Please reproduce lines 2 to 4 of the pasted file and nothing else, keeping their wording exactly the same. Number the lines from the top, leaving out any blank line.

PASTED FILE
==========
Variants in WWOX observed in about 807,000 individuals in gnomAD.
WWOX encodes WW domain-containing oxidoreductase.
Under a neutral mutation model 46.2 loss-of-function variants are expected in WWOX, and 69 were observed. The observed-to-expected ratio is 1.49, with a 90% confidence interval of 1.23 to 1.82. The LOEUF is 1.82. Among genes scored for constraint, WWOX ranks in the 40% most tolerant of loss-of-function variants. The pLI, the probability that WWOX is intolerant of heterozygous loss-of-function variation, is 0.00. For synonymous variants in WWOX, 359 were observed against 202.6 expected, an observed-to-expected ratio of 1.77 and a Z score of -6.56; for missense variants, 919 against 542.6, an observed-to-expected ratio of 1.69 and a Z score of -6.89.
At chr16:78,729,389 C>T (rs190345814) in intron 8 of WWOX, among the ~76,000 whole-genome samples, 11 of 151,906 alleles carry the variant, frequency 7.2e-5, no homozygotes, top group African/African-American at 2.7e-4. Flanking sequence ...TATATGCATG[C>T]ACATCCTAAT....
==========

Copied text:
WWOX encodes WW domain-containing oxidoreductase.
Under a neutral mutation model 46.2 loss-of-function variants are expected in WWOX, and 69 were observed. The observed-to-expected ratio is 1.49, with a 90% confidence interval of 1.23 to 1.82. The LOEUF is 1.82. Among genes scored for constraint, WWOX ranks in the 40% most tolerant of loss-of-function variants. The pLI, the probability that WWOX is intolerant of heterozygous loss-of-function variation, is 0.00. For synonymous variants in WWOX, 359 were observed against 202.6 expected, an observed-to-expected ratio of 1.77 and a Z score of -6.56; for missense variants, 919 against 542.6, an observed-to-expected ratio of 1.69 and a Z score of -6.89.
At chr16:78,729,389 C>T (rs190345814) in intron 8 of WWOX, among the ~76,000 whole-genome samples, 11 of 151,906 alleles carry the variant, frequency 7.2e-5, no homozygotes, top group African/African-American at 2.7e-4. Flanking sequence ...TATATGCATG[C>T]ACATCCTAAT....